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International Urban Design Studio at the St. Petersburg Academy of Fine Arts

Palaces and Prisons

(St-Petersburg, Russia)

The International Urban Design Studio at the St. Petersburg Academy of Fine Arts was established in 1996 under the patronage of the Prince of Wales' Projects Office in London, England. This educational studio focuses on architecture and urban planning projects. An exception in Russia, the studio prides itself on its international partnerships and has participated in several summer schools and exhibition projects with institutions in Rome and Bologna, Italy.

The Daniel Langlois Foundation is supporting the development of a distinctive exhibition and Web site dedicated to the architect Giovanni Battista Piranesi (1720-1778) and his unique influence on Soviet architecture. Palaces and Prisons will highlight the works of rarely recognized Soviet architects while featuring a unique collection of etchings by Piranesi himself. The exhibition will take place at the Pushkin Museum of Fine Arts in Moscow and later travel to the Museum of the Academy of Fine Arts in St. Petersburg. The Web site component of the project will allow global access to the research done by the International Urban Design Studio and promote the use of new technologies in contemporary Russian exhibitions.

Curators of the exhibition include Alexander Brodsky, a renowned Russian architect and sculptor who is a member of the Russian "paper architects."

"[In the seventies,] the perception of Soviet architecture as a derivative from the collapsing socialist practices led to a dramatic discovery of the real historical imposition. As a protest against the tedious standardized design production, a large group of Russian architects united into a "paper architecture" movement in the early eighties. In their work, which only existed on paper, parallels were apparent with the early days of the Soviet Union, when constructivists, futurists, and modernists were making cultural and architectural history. The sophisticated and ironical images designed in 1980s became remarkable semantic signals of transition, as a realization of a different architectural mentality being shaped, as messengers and later on as a reflection of the sociopolitical and ideological changes in the after-socialist Russian state." (1)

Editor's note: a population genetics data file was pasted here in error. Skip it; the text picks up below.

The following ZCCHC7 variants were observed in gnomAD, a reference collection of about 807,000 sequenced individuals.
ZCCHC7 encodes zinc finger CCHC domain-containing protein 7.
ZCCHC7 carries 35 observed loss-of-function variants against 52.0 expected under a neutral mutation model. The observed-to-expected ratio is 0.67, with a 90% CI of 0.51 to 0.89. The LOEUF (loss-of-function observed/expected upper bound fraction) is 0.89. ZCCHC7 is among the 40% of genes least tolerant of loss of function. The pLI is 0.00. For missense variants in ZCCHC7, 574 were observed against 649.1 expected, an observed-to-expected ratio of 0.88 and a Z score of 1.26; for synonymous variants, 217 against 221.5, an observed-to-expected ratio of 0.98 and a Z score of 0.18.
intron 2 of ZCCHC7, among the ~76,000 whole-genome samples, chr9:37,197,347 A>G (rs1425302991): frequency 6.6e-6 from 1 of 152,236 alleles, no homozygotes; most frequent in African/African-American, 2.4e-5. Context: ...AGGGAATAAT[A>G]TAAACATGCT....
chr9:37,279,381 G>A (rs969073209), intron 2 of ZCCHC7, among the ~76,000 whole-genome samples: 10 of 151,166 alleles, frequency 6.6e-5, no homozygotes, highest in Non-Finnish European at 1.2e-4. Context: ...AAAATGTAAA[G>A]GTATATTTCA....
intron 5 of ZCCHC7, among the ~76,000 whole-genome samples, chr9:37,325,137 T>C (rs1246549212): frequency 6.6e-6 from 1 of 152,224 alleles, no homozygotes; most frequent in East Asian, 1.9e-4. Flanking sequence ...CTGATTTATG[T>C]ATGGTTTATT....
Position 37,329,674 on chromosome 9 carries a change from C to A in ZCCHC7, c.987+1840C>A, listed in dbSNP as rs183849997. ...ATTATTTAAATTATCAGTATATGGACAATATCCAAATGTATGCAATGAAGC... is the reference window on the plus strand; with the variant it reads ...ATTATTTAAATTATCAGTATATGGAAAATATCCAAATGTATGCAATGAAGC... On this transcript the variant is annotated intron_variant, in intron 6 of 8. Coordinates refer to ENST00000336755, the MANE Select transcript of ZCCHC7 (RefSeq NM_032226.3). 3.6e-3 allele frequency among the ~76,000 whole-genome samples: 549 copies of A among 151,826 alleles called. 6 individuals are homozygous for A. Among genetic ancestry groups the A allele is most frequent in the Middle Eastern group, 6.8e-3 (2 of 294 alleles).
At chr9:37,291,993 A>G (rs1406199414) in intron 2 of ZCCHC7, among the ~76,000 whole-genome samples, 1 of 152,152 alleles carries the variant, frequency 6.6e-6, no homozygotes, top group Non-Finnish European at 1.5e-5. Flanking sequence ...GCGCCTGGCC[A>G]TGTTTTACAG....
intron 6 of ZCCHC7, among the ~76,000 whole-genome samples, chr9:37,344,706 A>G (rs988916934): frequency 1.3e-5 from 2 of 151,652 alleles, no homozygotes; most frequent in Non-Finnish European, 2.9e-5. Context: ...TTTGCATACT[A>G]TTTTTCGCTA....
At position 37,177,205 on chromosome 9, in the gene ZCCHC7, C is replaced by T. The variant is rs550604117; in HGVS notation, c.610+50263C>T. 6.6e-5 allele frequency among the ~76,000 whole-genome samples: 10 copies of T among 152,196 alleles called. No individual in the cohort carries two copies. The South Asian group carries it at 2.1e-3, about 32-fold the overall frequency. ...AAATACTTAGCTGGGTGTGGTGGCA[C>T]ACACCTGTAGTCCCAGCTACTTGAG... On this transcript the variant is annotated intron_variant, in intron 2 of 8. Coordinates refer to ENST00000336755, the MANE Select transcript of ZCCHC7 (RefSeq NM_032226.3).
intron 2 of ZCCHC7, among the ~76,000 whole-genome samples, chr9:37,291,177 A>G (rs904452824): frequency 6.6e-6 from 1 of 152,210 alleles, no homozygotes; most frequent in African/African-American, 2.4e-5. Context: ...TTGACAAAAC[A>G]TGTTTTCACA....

Brodsky has exhibited his drawings, etchings and sculptures in the United States, Russia and Europe and was previously commissioned to develop public art projects in New York and Pittsburgh. Dr. Nickolai Molok, also a curator of the exhibition and Web site, is a fellow of the Russian Institute of Art Studies in Moscow and a specialist in 18th-century architecture. The other co-curators are Simeon Mikhailovski (the director of the International Urban Design Studio and an architecture historian who most recently curated exhibitions for the Russian Pavilion at the 1999 Venice Biennale Architectural Exhibition), Dmitri Shelest (an architect and computer graphic artist) and Alexander Belosludsev (a graphic designer and art director of M-Vogue in Russia).

Angela Plohman © 2004 FDL

(1) Anna Sokolina, « Technology and Tradition in Russian Architecture 1950s-1990s: Dynamics of Transformations and Conceptual Conflicts » in Art, Technology and Modernity in Russia and Eastern Europe, Columbia University, 25 août 2000.